If it continues to reboot, replace the Single Mem stick with the other.

If it still reboots, then you’ve got (1) Make sure all heat-sinks on the chipsets are attached…

(1) ReFlash The BIOS…

(3) Reseat the CPU (ugh)… this is probably #1 likeliest cause, by the way. Biting the bullet and doing this might solve all. Just pull it out, clean off the edges, stick it back in. Nothing fancier than that.

After that… “bad motherboard” would get my vote.


#12

[QUOTE=ChristineBCW;2656963]Jim, one more idea - do you have a bootable Linux or Windows Install CD-DVD? ANY bootable version will do.

Open up the case, unplug the power and SATA from the HDDs. Pull out one of the Mem Sticks, too. Then, restart the computer and let it sit on the Install Disk. Just sit there. Hours…see how it behaves.

If it continues to reboot, replace the Single Mem stick with the other.

If it still reboots, then you’ve got (1) Make sure all heat-sinks on the chipsets are attached…

(1) ReFlash The BIOS…

(3) Reseat the CPU (ugh)… this is probably #1 likeliest cause, by the way. Biting the bullet and doing this might solve all. Just pull it out, clean off the edges, stick it back in. Nothing fancier than that.

After that… “bad motherboard” would get my vote.[/QUOTE]

I agree with Christine, MB, Processor, and Memory this is the basics if it doesn’t run solid here you have a problem. This Rig should have been fixed a long time ago. That’s why building computers takes time and patience. You start from the basics and work your way up. If the basics are not solid, you stay there until the problem is solved. If you don’t build a computer properly, you end up with what you have now, an unstable mess. :cool:


#13

Does it BSOD or simply restarts?

Also check Event Viewer for clues to hardware, drivers, software issues. This might put on the right track.


#14

[QUOTE=Nemesys;2657003]Does it BSOD or simply restarts?

Also check Event Viewer for clues to hardware, drivers, software issues. This might put on the right track.[/QUOTE]

It reboots to a black and white error message asking me if I want to start Windows normally or boot into safe mode.

What is Event Viewer?

Update #2:
Both HD’s passed an extensive scan using the WD Lifeguard drive program.

Removed one RAM chip from position #3 and booted into Linux Mint on DVD w/ HD’s disconnected. System was stable for a few hours.

Reconnected hard drives and booted into W7. System has been stable for roughly 11 hours.


#15

I going to jump in with all the others good suggestions.
It looks like it was either a “bad” RAM stick or a loose one .
Depending if you put it back in before the 11 stable hours.


#16

Did the system ever reboot itself during this “Boot to Linux Startup”? Did it reboot itself on this last Win7/11-hours experiment?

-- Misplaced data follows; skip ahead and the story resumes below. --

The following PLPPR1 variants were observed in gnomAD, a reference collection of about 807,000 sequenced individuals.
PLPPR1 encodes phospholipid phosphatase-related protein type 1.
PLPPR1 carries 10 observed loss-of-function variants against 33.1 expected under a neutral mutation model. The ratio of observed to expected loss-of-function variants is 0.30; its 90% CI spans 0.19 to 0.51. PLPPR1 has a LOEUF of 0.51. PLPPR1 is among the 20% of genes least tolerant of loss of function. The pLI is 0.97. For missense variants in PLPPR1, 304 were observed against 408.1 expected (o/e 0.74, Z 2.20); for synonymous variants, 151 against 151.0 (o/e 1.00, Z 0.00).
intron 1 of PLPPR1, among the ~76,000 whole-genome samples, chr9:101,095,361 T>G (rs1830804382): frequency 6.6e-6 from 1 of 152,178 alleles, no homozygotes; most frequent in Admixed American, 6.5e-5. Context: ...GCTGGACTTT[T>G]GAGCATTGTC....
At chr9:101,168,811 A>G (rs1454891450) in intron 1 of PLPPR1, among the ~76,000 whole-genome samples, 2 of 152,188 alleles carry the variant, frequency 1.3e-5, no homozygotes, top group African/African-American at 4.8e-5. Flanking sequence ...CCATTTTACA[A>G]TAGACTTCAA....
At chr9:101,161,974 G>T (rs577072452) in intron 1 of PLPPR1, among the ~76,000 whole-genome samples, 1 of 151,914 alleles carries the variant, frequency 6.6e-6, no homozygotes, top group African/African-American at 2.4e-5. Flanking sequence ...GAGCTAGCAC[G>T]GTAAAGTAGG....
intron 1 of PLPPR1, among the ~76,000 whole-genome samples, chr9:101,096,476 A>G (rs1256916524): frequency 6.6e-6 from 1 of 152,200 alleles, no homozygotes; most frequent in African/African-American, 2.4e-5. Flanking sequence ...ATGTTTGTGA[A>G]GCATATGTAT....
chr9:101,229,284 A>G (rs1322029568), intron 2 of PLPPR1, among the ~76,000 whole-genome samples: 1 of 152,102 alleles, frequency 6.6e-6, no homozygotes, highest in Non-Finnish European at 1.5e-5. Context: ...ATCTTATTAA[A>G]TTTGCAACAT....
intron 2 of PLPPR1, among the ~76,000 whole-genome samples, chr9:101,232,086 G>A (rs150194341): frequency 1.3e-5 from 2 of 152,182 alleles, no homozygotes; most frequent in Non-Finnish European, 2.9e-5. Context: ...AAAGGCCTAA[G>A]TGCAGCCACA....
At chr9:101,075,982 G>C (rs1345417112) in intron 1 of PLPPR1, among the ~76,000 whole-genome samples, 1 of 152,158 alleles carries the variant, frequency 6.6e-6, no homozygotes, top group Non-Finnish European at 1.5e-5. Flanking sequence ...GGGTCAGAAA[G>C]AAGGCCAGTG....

#17

I need to ask around… does anyone know how a CPU would behave if it had a broken pin, or if a pin was so bent that it no longer fit into the hole?

I would think “No Boot” would be the only behavior. It wouldn’t boot and be flaky, though, right?

I’d think every pin delivered/received signals, and any failure would cause a No-Boot process.


#18

[QUOTE=yojimbo197;2656910]
AMD Radeon HD6670 1Gb GDDR5 128 bit video card
[/QUOTE]There’s your problem right there! AMD Cards have got really bad in the last few years, well the drivers have. When the graphics driver has a hiccup it doesn’t just restart the driver anymore it reboots and it does it instantly. I recently got rid of my Radeon card as the reboots were getting very annoying, Nvidia now and haven’t had a reboot yet, used to get reboots every day.


#19

[QUOTE=ChristineBCW;2657026] does anyone know how a CPU would behave if it had a broken pin, or if a pin was so bent that it no longer fit into the hole?
[/QUOTE]I’ve had two, One had a broken cpu seat the other had a broken pin both acted the same. The screen would get artifacts constantly, Like squares flashing all over the screen all different colours, System would still boot but went nuts after a while.


#20

[QUOTE=slayerking;2657031]There’s your problem right there! AMD Cards have got really bad in the last few years, well the drivers have. When the graphics driver has a hiccup it doesn’t just restart the driver anymore it reboots and it does it instantly. I recently got rid of my Radeon card as the reboots were getting very annoying, Nvidia now and haven’t had a reboot yet, used to get reboots every day.[/QUOTE]

No dice, sk. Seems yojimbo tried that.

[QUOTE=yojimbo197;2656910]Dear Freaks,
[…]
What I’ve tried so far:
[…]I replaced the video card(an NVIDIA 9800GT). […] None of those things has worked.
[/QUOTE]